A Multi-Ethnic Public Policy, Research and Advocacy Institute
greenlining.org
@Greenlining

 

TOMORROW: Boots Riley, Aimee Allison, Rep. Barbara Lee Headline Greenlining Institute Economic Summit

Event Also Marks Greenlining’s Official Farewell to Longtime President Orson Aguilar

Contact: Bruce Mirken, Greenlining Institute Media Relations Director, 510-926-4022; 415-846-7758 (cell)

OAKLAND, CALIFORNIA – The Greenlining Institute’s 26th annual Economic Summit, “Reclaiming Our Time,” happens Friday, April 26 in Oakland and features a stellar lineup. With a theme inspired by Rep. Maxine Waters’ iconic 2017 “reclaiming my time” moment, this year’s Summit will highlight the leaders — especially here in California — who refuse to stay silent in the face of injustice. Highlights include:

  • An opening discussion moderated by She the People founder Aimee Alison examining how communities are “reclaiming their time” through the Me Too movement, environmental advocacy and more
  • A “fireside chat” featuring acclaimed rapper, activist, producer, screenwriter and film director Boots Riley in conversation powerhouse poet and playwright Chinaka Hodge
  • A luncheon awards ceremony with a keynote address by Lifetime Achievement Award recipient U.S. Rep. Barbara Lee
  • In-depth panel discussions of the racial equity aspects of critical issues such as tech, transportation and banking – including a rare appearance by Aaron Glantz of Reveal, whose landmark reporting on modern redlining just won a Peabody Award and was a Pulitzer Prize finalist
  • Equity Lab – a unique, interactive workshop in which participants will learn and apply practical tools for advancing racial equity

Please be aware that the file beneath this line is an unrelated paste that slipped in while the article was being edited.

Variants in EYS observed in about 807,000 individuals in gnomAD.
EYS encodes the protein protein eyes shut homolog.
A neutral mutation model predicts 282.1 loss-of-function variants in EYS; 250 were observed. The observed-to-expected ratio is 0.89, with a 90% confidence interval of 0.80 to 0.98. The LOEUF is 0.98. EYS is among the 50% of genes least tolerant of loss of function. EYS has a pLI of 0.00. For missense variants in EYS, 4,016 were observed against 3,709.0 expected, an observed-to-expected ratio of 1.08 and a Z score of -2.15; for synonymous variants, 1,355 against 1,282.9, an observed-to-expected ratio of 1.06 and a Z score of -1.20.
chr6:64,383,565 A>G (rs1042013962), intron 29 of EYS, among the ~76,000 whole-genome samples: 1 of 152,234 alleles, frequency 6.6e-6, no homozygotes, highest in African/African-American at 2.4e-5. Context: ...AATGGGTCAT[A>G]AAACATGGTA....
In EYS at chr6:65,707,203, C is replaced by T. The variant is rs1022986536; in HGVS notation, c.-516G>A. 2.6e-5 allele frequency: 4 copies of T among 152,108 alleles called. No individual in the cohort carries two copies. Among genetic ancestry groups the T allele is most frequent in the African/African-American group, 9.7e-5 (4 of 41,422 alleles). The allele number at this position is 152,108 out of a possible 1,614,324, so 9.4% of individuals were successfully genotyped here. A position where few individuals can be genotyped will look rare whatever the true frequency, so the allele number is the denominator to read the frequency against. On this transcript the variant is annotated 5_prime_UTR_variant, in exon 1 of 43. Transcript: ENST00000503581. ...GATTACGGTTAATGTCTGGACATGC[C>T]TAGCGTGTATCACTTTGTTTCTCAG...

• An art sale featuring the work of local artists Dignidad Rebelde and Francis Mead
  • Greenlining’s official farewell to longtime President Orson Aguilar, under whose leadership the organization grew dramatically

Each year Greenlining brings together powerful voices for change—grassroots community leaders, nationally known advocates, artists, elected officials and more—for a unique event focusing on how to build a more equitable, just society. More than a conference, Greenlining’s Economic Summit is a unique gathering where innovation, art and activism align. See Greenlining’s Economic Summit web page for detailed information on the day’s program.

Journalists wishing to attend are asked to RSVP promptly to Bruce Mirken at brucem@greenlining.org.

WHAT: The Greenlining Institute’s 26th annual Economic Summit

WHO: Speakers and awardees include rapper/filmmaker Boots Riley, Rep. Barbara Lee, Dream Corps President Vien Truong, She the People founder Aimee Alison, Assemblymember Wendy Carrillo and many more.

WHEN: Friday, April 26, 8:30 a.m. – 5:30 p.m. (registration opens at 8)

WHERE: Oakland Marriott, Oakland City Center, 1001 Broadway, Oakland, California, 94607

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THE GREENLINING INSTITUTE
A Multi-Ethnic Public Policy, Research and Advocacy Institute

greenlining.org
@Greenlining